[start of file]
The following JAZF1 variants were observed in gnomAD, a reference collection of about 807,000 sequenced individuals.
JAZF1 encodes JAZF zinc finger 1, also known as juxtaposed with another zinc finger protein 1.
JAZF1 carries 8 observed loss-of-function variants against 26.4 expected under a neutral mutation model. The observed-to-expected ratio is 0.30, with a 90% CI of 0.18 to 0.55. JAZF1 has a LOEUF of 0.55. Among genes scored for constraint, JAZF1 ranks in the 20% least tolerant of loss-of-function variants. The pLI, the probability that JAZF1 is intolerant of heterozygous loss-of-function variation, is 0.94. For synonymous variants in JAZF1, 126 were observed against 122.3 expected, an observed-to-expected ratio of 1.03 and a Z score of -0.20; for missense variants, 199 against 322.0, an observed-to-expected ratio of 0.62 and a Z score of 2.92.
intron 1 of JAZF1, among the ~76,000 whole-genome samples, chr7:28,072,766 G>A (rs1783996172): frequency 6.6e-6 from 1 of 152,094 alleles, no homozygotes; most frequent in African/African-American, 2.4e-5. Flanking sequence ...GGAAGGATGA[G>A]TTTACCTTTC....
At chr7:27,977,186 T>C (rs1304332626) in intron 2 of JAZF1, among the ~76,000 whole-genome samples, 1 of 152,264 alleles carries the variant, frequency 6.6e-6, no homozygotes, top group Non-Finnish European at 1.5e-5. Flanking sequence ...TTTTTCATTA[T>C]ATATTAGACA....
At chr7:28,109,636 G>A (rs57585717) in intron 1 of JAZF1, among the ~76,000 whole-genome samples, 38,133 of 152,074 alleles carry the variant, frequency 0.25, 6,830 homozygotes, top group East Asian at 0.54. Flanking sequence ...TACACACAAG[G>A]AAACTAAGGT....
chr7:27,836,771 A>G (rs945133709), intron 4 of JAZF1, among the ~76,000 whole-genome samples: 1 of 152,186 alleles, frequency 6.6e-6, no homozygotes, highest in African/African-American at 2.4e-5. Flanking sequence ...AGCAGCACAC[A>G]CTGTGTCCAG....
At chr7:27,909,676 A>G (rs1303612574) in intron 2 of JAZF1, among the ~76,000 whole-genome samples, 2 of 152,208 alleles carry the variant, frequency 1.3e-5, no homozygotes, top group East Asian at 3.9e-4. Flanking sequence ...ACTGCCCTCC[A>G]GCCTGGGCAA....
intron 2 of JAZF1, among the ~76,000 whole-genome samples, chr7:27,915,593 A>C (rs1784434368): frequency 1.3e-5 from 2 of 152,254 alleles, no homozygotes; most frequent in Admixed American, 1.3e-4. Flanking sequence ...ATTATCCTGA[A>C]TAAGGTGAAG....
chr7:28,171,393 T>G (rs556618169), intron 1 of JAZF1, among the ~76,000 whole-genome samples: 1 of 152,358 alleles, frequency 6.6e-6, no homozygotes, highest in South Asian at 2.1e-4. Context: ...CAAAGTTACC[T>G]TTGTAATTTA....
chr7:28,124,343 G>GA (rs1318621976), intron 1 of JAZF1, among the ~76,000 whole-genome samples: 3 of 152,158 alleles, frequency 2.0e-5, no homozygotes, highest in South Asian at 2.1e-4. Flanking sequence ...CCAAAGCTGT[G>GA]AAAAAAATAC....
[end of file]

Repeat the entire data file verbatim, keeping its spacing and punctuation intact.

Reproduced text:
The following JAZF1 variants were observed in gnomAD, a reference collection of about 807,000 sequenced individuals.
JAZF1 encodes JAZF zinc finger 1, also known as juxtaposed with another zinc finger protein 1.
JAZF1 carries 8 observed loss-of-function variants against 26.4 expected under a neutral mutation model. The observed-to-expected ratio is 0.30, with a 90% CI of 0.18 to 0.55. JAZF1 has a LOEUF of 0.55. Among genes scored for constraint, JAZF1 ranks in the 20% least tolerant of loss-of-function variants. The pLI, the probability that JAZF1 is intolerant of heterozygous loss-of-function variation, is 0.94. For synonymous variants in JAZF1, 126 were observed against 122.3 expected, an observed-to-expected ratio of 1.03 and a Z score of -0.20; for missense variants, 199 against 322.0, an observed-to-expected ratio of 0.62 and a Z score of 2.92.
intron 1 of JAZF1, among the ~76,000 whole-genome samples, chr7:28,072,766 G>A (rs1783996172): frequency 6.6e-6 from 1 of 152,094 alleles, no homozygotes; most frequent in African/African-American, 2.4e-5. Flanking sequence ...GGAAGGATGA[G>A]TTTACCTTTC....
At chr7:27,977,186 T>C (rs1304332626) in intron 2 of JAZF1, among the ~76,000 whole-genome samples, 1 of 152,264 alleles carries the variant, frequency 6.6e-6, no homozygotes, top group Non-Finnish European at 1.5e-5. Flanking sequence ...TTTTTCATTA[T>C]ATATTAGACA....
At chr7:28,109,636 G>A (rs57585717) in intron 1 of JAZF1, among the ~76,000 whole-genome samples, 38,133 of 152,074 alleles carry the variant, frequency 0.25, 6,830 homozygotes, top group East Asian at 0.54. Flanking sequence ...TACACACAAG[G>A]AAACTAAGGT....
chr7:27,836,771 A>G (rs945133709), intron 4 of JAZF1, among the ~76,000 whole-genome samples: 1 of 152,186 alleles, frequency 6.6e-6, no homozygotes, highest in African/African-American at 2.4e-5. Flanking sequence ...AGCAGCACAC[A>G]CTGTGTCCAG....
At chr7:27,909,676 A>G (rs1303612574) in intron 2 of JAZF1, among the ~76,000 whole-genome samples, 2 of 152,208 alleles carry the variant, frequency 1.3e-5, no homozygotes, top group East Asian at 3.9e-4. Flanking sequence ...ACTGCCCTCC[A>G]GCCTGGGCAA....
intron 2 of JAZF1, among the ~76,000 whole-genome samples, chr7:27,915,593 A>C (rs1784434368): frequency 1.3e-5 from 2 of 152,254 alleles, no homozygotes; most frequent in Admixed American, 1.3e-4. Flanking sequence ...ATTATCCTGA[A>C]TAAGGTGAAG....
chr7:28,171,393 T>G (rs556618169), intron 1 of JAZF1, among the ~76,000 whole-genome samples: 1 of 152,358 alleles, frequency 6.6e-6, no homozygotes, highest in South Asian at 2.1e-4. Context: ...CAAAGTTACC[T>G]TTGTAATTTA....
chr7:28,124,343 G>GA (rs1318621976), intron 1 of JAZF1, among the ~76,000 whole-genome samples: 3 of 152,158 alleles, frequency 2.0e-5, no homozygotes, highest in South Asian at 2.1e-4. Flanking sequence ...CCAAAGCTGT[G>GA]AAAAAAATAC....